Colloidal Copper

Colloidal copper is toxic to a wide range of bacteria and fungi. Although it is used less commonly than colloidal silver, colloidal copper is gaining popularity as a treatment for several types of dermatological problems, including acne.

Copper-based compounds are the active ingredient in many anti-fungal, topical solutions. Copper has also been incorporated into fabrics and bandages to slow the growth of disease and odor-causing bacteria. Copper peptides, which are small molecules that are composed of short chains of amino acids connected to copper ions, are also the subject of research efforts for dermatological applications. They are being used in a number of rejuvenating and skin revitalizing treatments.

Colloidal copper and copper salts (copper sulfate) are frequently used in many branches of Naturopathic Medicine. However, the efficacy of copper therapies for the treatment of acne remains largely untested by rigorous clinical trials. More research is needed to determine whether the use of colloidal copper (and other colloidal metals, such as Silver) can significantly improve symptoms for individuals with acne.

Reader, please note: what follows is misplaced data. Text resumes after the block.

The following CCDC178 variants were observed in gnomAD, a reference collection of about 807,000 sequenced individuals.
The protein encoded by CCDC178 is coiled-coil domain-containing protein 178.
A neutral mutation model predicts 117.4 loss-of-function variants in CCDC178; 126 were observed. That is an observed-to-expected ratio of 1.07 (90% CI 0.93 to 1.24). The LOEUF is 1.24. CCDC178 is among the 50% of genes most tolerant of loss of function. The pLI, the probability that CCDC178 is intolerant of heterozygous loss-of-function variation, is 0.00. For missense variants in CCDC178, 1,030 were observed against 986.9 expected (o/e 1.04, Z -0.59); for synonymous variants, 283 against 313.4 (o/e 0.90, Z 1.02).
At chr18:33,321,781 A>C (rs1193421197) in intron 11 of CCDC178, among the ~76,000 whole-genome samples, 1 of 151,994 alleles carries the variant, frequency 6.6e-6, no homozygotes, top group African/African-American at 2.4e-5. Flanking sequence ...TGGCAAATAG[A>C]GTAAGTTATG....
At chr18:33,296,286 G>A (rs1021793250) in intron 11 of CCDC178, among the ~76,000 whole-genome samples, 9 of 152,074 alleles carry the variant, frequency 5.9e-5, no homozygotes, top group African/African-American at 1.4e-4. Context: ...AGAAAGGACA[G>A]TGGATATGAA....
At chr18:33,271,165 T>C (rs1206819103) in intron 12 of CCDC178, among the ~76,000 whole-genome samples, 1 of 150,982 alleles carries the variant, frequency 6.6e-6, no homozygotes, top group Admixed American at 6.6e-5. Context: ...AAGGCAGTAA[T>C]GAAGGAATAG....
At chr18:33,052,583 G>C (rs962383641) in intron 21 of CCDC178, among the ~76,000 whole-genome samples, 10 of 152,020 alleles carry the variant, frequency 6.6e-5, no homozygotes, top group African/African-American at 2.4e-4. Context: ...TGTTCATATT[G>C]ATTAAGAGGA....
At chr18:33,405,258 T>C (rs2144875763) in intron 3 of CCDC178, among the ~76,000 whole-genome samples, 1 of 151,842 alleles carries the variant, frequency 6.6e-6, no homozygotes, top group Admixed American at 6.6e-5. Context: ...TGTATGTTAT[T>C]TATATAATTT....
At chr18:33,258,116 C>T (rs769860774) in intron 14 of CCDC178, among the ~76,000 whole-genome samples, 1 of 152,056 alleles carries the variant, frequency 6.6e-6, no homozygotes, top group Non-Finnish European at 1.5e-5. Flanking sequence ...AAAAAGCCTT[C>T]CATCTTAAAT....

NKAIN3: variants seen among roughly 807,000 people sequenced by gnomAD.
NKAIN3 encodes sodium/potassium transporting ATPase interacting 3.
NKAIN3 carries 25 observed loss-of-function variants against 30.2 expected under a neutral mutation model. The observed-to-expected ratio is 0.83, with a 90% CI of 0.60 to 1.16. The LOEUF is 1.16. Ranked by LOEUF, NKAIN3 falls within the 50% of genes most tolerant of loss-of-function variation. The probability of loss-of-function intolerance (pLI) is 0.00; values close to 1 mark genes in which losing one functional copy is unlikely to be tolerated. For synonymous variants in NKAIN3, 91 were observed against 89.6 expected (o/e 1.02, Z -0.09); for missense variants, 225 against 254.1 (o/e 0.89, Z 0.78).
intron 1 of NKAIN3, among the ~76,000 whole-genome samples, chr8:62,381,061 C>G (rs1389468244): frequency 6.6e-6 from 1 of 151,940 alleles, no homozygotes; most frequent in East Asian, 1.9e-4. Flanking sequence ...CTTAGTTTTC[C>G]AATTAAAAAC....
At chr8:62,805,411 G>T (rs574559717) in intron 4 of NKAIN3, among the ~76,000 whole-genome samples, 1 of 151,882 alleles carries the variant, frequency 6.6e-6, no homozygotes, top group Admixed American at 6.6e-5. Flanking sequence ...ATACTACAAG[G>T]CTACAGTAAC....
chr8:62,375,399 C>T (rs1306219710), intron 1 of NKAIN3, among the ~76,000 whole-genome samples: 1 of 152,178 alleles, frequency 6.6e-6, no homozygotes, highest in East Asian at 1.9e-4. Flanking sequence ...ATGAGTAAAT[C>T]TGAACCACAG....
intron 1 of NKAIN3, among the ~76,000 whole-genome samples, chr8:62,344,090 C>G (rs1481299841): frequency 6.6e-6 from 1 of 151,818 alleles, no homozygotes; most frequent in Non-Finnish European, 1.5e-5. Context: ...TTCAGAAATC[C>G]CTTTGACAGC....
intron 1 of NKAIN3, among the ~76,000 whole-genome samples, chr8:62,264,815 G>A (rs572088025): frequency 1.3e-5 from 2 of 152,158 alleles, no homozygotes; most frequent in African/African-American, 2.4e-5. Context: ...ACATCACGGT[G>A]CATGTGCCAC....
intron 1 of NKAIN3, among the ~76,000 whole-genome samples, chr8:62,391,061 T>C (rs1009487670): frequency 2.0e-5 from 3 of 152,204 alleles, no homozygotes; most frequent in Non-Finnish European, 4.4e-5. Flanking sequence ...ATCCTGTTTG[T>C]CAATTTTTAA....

Green synthesis of copper nanoparticles by Citrus medica Linn.(Idilimbu) juice and its antimicrobial activity. Shende, et al. 2015.
Principles of colloid therapeutics. Smith. 1922.
Effect of nanosized colloidal copper on cotton fabric. Chattopadhyay, et al. 2010.
Strain specificity in antimicrobial activity of silver and copper nanoparticles. Ruparelia, et al. 2008.
Susceptibility constants of Escherichia coli and Bacillus subtilis to silver and copper nanoparticles. Yoon, et al. 2007.
Synthesis and antimicrobial activity of copper nanoparticles. Ramyadevi, et al. 2012.
Synthesis and anti-bacterial activity of Cu, Ag and Cu-Ag alloy nanoparticles: a green approach. Valodkar, et al. 2011.
Nanocarriers and nanoparticles for skin care and dermatological treatments. Gupta, et al. 2013.
Are commercially available nanoparticles safe when applied to the skin? Robertson, et al. 2010.